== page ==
MIT has developed a system known as GelSight, that uses painted rubber to obtain 3D images of microscopic details (Image: Micah Kimo Johnson)
The crystals on the surface of an emery board, as seen without (top) and with (bottom) the GelSight paint (Image: Micah Kimo Johnson)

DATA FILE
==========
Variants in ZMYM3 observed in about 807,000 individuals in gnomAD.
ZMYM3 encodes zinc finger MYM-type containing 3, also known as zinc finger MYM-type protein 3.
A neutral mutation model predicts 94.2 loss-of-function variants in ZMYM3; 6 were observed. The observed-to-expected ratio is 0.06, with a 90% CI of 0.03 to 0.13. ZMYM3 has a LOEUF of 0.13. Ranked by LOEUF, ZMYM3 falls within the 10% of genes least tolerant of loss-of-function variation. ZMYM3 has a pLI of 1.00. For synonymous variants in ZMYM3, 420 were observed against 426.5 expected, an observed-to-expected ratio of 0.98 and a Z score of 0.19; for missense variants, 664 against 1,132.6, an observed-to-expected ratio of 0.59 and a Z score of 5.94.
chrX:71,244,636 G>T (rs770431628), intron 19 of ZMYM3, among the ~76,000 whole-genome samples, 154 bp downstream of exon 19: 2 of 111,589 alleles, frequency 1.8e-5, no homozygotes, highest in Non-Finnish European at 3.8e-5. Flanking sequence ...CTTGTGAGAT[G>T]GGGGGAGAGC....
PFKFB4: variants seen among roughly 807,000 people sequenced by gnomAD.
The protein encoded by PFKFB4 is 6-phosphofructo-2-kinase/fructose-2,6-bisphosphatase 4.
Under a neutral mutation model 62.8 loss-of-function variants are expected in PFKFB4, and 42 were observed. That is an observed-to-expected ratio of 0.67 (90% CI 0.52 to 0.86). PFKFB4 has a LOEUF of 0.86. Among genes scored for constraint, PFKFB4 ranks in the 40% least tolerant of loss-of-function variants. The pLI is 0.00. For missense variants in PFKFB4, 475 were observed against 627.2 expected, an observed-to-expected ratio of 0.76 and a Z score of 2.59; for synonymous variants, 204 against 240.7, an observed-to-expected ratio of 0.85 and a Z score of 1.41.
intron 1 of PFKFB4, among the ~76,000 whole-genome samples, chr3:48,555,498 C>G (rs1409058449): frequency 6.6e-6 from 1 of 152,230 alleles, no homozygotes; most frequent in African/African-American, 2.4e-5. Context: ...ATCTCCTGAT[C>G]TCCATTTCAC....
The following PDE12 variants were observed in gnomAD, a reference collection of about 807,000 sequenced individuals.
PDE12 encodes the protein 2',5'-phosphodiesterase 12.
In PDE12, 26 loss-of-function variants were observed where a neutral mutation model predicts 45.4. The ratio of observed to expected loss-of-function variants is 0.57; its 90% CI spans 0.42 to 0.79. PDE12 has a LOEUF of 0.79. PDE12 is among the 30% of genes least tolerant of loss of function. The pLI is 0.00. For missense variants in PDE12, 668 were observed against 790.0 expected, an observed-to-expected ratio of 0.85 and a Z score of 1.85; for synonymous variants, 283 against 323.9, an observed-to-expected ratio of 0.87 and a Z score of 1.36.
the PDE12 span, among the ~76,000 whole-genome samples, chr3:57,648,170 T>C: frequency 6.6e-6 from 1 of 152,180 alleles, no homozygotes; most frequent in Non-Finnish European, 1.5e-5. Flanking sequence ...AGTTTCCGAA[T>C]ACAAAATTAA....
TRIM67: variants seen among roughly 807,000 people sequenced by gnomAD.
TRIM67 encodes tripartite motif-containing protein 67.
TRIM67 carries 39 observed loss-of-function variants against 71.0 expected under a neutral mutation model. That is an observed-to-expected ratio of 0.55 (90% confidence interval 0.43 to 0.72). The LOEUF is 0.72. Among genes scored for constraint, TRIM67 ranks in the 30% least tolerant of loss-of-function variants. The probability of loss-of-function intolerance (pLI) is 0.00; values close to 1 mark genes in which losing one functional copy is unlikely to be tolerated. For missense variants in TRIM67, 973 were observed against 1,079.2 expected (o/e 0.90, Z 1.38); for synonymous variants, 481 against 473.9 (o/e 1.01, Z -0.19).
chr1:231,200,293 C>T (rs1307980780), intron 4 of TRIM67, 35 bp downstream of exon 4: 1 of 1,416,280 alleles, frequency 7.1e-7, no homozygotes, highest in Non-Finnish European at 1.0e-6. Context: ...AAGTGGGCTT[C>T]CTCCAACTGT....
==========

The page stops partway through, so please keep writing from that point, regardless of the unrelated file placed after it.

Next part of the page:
Typically, if someone wishes to obtain three-dimensional images of micrometer-scale objects, they need to use a device such as a confocal microscope or a white-light interferometer. Such equipment is big, expensive, and often has to be mounted on a vibration-free table. Even then, it can take up to a few hours to get the finished images. Scientists at MIT’s Department of Brain and Cognitive Sciences, however, have created a system that can obtain the same kind of images almost instantly, using a soda can-sized sensor and a sheet of rubber. It’s called GelSight.
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